Biblical warriors are usually seen as armed with swords or bows or spears. But Martha and Mary of Bethany were warriors of the heart and soul, using tools of exhaustive hospitality and fierce love to engage Jesus as brother, friend and soulmate.
Standout figures in the New Testament, the women provided Jesus with a place of healing and respite, one to which he returned regularly. Without them, whom Christians celebrate this week, Jesus would have been absent that safe place for which we all yearn—especially in those heart-wrenching days before he was killed.
Picture the setting: Martha’s small home in Bethany, shared by the sisters and most likely, their brother Lazarus. A scant two miles from Jerusalem, the dirt-floor house was most likely two stories high, part of a square block of dwellings that shared an inner courtyard for cooking and socializing, fronting onto a hard-packed street.
In that home and within striking distance of it took place the three events for which the sisters are remembered: Martha’s irritation with Mary; Jesus’ raising of Lazarus from the dead; and Mary’s anointing of Jesus with a costly jar of scented ointment.
Event #1–Martha’s irritation: (Luke 10:38-42)
As Martha prepares food for Jesus and his disciples, Mary sits at Jesus’ feet, soaking up his presence. Soon, Martha is simmering as much as the vegetables and with good reason—for preparing dinner, alone, for at least sixteen people (the disciples, Jesus, and the Bethany trio) would have been exhausting. Boiling over, she tells Jesus to have Mary help her—because Mary is placidly sitting at Jesus’ feet, not moving—only to hear him respond that Mary has chosen “the better part.”
Such an admonition would have been hard to hear. Yet given Martha’s nature—practical, fierce and loving—perhaps she appreciated that dinner didn’t have to be perfect, that “one dish” was sufficient. No doubt Jesus wanted Martha to keep the joy in her soul as she flew about the room, trying to provide for so many guests.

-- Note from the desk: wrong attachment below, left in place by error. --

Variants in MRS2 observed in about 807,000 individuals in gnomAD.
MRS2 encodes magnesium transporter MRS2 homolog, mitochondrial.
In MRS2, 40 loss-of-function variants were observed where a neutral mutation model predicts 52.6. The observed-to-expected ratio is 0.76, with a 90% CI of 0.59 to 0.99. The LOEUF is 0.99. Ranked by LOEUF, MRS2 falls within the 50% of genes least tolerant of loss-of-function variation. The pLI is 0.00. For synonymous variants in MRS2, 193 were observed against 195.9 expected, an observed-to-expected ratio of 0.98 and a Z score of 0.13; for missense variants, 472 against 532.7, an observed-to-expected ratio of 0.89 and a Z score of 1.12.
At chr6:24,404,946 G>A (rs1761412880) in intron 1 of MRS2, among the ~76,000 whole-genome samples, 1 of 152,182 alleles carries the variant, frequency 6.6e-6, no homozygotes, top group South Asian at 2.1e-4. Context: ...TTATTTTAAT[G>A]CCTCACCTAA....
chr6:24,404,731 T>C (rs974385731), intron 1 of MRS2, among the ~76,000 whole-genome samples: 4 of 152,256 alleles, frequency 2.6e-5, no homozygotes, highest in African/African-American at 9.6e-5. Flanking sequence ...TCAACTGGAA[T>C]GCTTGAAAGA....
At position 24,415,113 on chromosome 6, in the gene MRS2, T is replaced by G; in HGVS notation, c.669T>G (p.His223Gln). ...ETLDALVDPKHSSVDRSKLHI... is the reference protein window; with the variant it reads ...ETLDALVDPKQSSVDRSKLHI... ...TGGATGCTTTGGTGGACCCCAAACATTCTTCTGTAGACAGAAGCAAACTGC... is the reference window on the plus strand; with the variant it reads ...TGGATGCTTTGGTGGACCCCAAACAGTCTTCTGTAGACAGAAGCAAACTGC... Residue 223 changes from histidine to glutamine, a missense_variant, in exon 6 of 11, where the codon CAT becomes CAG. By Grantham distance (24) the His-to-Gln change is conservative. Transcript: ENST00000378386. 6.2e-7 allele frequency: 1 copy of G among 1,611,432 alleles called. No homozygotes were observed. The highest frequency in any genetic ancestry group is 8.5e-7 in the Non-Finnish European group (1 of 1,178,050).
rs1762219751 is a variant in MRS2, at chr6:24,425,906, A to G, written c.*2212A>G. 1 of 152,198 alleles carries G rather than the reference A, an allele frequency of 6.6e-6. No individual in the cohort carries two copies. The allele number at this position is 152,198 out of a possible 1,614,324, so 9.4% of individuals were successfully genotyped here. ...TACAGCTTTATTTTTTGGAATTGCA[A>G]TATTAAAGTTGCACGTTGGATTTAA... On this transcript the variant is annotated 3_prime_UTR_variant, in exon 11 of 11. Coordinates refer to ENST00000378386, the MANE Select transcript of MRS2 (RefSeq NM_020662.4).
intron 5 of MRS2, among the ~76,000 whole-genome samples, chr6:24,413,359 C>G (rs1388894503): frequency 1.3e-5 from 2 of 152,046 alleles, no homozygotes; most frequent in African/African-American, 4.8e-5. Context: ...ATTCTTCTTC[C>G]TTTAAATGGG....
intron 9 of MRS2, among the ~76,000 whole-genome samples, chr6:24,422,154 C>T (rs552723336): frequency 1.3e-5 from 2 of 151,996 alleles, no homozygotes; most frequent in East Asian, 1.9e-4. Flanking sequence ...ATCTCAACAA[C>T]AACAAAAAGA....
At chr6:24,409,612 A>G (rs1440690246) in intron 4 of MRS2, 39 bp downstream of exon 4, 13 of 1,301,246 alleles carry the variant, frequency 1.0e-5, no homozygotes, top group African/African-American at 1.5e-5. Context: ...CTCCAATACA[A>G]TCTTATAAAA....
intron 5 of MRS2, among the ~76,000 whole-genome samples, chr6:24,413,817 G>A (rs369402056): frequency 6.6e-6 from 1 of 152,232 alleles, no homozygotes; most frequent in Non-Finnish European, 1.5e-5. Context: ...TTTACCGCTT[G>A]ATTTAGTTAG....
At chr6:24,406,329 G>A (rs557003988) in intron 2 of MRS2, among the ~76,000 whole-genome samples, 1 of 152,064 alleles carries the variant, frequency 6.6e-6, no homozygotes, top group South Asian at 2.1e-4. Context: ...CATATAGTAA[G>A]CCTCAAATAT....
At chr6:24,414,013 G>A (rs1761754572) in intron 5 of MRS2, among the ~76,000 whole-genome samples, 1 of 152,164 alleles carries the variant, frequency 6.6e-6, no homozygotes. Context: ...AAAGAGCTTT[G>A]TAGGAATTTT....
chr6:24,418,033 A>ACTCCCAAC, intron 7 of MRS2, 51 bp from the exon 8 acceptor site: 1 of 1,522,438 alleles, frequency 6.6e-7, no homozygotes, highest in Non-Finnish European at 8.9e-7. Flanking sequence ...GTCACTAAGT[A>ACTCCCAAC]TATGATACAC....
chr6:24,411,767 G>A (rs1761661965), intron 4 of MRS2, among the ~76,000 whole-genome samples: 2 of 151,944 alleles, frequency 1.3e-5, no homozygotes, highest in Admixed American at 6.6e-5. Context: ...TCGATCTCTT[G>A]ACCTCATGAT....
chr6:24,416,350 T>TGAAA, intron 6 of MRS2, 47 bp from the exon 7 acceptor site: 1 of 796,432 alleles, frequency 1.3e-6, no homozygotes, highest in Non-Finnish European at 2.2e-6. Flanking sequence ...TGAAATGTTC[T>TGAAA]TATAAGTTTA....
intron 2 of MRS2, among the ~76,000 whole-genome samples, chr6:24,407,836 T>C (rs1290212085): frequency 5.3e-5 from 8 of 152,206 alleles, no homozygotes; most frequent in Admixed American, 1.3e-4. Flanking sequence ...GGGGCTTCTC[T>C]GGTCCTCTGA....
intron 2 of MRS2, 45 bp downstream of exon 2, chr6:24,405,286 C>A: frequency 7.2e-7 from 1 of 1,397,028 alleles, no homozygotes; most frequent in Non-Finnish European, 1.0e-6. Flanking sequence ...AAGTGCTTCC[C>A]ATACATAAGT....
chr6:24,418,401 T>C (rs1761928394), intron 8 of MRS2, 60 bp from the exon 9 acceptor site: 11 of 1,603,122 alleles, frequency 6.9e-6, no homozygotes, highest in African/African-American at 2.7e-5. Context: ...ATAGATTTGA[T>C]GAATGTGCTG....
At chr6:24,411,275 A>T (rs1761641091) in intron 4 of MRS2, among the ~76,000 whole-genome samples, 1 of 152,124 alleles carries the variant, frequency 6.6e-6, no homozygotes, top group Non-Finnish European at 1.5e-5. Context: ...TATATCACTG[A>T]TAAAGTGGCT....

Event #2:–The raising of Lazarus (John 11:1-44)
Lazarus is terribly sick, almost to the point of death. Martha sends a messenger for Jesus, sure that he will heal her beloved brother. No response; Lazarus dies. With tears and precious oils, the sisters anoint his body and place it in nearby burial caves.
Four days later, Jesus finally arrives.
Martha is angry. “Lazarus would not died if you had been here!” she says. “And even now, I know that God will give you whatever you ask.”
Jesus responds “Lazarus will be raised up.” Martha: “I know. On the last day.”
Jesus: “You don’t have to wait. I am the resurrection and the life. The one who believes in me, even though he or she dies, will live. Do you believe this?”
Martha: “Yes. All along I have believed that you are the Messiah, the Son of God who comes into the world.”
Note: Right here, Martha offers up one of the most magnificent, and singular, confessions of faith in the New Testament. Even though she has yet to experience the resurrection, she presents an understanding of the eternal life by saying that Lazarus will rise again in the resurrection on the last day. She states that Jesus is the Messiah, the son of God, the one coming into the world.
And then Martha runs back home to get her sister. When Mary approaches Jesus, with fellow mourners, she falls at his feet, weeping over the loss of her beloved brother. Seeing her in such distress, Jesus is deeply troubled.
“Where have you laid him?” asks Jesus.